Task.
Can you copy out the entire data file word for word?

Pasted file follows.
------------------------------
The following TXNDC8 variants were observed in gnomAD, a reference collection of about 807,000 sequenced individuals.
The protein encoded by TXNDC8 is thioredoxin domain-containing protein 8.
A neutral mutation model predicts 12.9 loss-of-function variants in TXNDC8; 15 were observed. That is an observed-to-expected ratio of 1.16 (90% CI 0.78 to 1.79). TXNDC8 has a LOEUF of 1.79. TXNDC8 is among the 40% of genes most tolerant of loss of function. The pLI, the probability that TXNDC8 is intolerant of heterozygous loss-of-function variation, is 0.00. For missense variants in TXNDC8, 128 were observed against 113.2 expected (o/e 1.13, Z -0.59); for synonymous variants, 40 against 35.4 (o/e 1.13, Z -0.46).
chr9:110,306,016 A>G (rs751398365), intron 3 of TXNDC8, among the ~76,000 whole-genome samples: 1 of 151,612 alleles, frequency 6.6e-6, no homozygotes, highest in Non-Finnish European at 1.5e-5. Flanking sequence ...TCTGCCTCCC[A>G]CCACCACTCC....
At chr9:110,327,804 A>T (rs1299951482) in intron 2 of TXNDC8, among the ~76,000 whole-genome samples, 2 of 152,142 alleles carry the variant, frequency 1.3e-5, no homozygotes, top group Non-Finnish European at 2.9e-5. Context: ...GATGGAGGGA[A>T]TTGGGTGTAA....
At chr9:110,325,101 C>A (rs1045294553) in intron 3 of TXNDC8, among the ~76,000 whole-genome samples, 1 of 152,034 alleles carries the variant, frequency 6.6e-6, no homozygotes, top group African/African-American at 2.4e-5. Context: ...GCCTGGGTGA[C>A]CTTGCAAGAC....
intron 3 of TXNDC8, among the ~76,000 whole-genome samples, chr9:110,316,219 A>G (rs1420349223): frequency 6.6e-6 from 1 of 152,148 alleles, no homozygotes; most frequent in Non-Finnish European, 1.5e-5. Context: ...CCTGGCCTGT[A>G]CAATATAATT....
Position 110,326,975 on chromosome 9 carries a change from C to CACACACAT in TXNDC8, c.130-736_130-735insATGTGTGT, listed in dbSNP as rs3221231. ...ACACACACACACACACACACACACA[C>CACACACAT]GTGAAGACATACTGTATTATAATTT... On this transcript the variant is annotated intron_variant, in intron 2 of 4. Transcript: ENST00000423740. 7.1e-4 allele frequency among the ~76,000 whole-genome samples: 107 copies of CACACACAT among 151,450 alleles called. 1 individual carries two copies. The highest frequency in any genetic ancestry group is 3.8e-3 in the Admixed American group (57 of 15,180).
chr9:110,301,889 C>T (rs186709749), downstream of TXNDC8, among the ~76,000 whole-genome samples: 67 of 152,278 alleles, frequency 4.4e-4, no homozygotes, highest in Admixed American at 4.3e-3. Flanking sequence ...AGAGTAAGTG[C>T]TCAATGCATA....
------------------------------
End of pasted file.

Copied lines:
The following TXNDC8 variants were observed in gnomAD, a reference collection of about 807,000 sequenced individuals.
The protein encoded by TXNDC8 is thioredoxin domain-containing protein 8.
A neutral mutation model predicts 12.9 loss-of-function variants in TXNDC8; 15 were observed. That is an observed-to-expected ratio of 1.16 (90% CI 0.78 to 1.79). TXNDC8 has a LOEUF of 1.79. TXNDC8 is among the 40% of genes most tolerant of loss of function. The pLI, the probability that TXNDC8 is intolerant of heterozygous loss-of-function variation, is 0.00. For missense variants in TXNDC8, 128 were observed against 113.2 expected (o/e 1.13, Z -0.59); for synonymous variants, 40 against 35.4 (o/e 1.13, Z -0.46).
chr9:110,306,016 A>G (rs751398365), intron 3 of TXNDC8, among the ~76,000 whole-genome samples: 1 of 151,612 alleles, frequency 6.6e-6, no homozygotes, highest in Non-Finnish European at 1.5e-5. Flanking sequence ...TCTGCCTCCC[A>G]CCACCACTCC....
At chr9:110,327,804 A>T (rs1299951482) in intron 2 of TXNDC8, among the ~76,000 whole-genome samples, 2 of 152,142 alleles carry the variant, frequency 1.3e-5, no homozygotes, top group Non-Finnish European at 2.9e-5. Context: ...GATGGAGGGA[A>T]TTGGGTGTAA....
At chr9:110,325,101 C>A (rs1045294553) in intron 3 of TXNDC8, among the ~76,000 whole-genome samples, 1 of 152,034 alleles carries the variant, frequency 6.6e-6, no homozygotes, top group African/African-American at 2.4e-5. Context: ...GCCTGGGTGA[C>A]CTTGCAAGAC....
intron 3 of TXNDC8, among the ~76,000 whole-genome samples, chr9:110,316,219 A>G (rs1420349223): frequency 6.6e-6 from 1 of 152,148 alleles, no homozygotes; most frequent in Non-Finnish European, 1.5e-5. Context: ...CCTGGCCTGT[A>G]CAATATAATT....
Position 110,326,975 on chromosome 9 carries a change from C to CACACACAT in TXNDC8, c.130-736_130-735insATGTGTGT, listed in dbSNP as rs3221231. ...ACACACACACACACACACACACACA[C>CACACACAT]GTGAAGACATACTGTATTATAATTT... On this transcript the variant is annotated intron_variant, in intron 2 of 4. Transcript: ENST00000423740. 7.1e-4 allele frequency among the ~76,000 whole-genome samples: 107 copies of CACACACAT among 151,450 alleles called. 1 individual carries two copies. The highest frequency in any genetic ancestry group is 3.8e-3 in the Admixed American group (57 of 15,180).
chr9:110,301,889 C>T (rs186709749), downstream of TXNDC8, among the ~76,000 whole-genome samples: 67 of 152,278 alleles, frequency 4.4e-4, no homozygotes, highest in Admixed American at 4.3e-3. Flanking sequence ...AGAGTAAGTG[C>T]TCAATGCATA....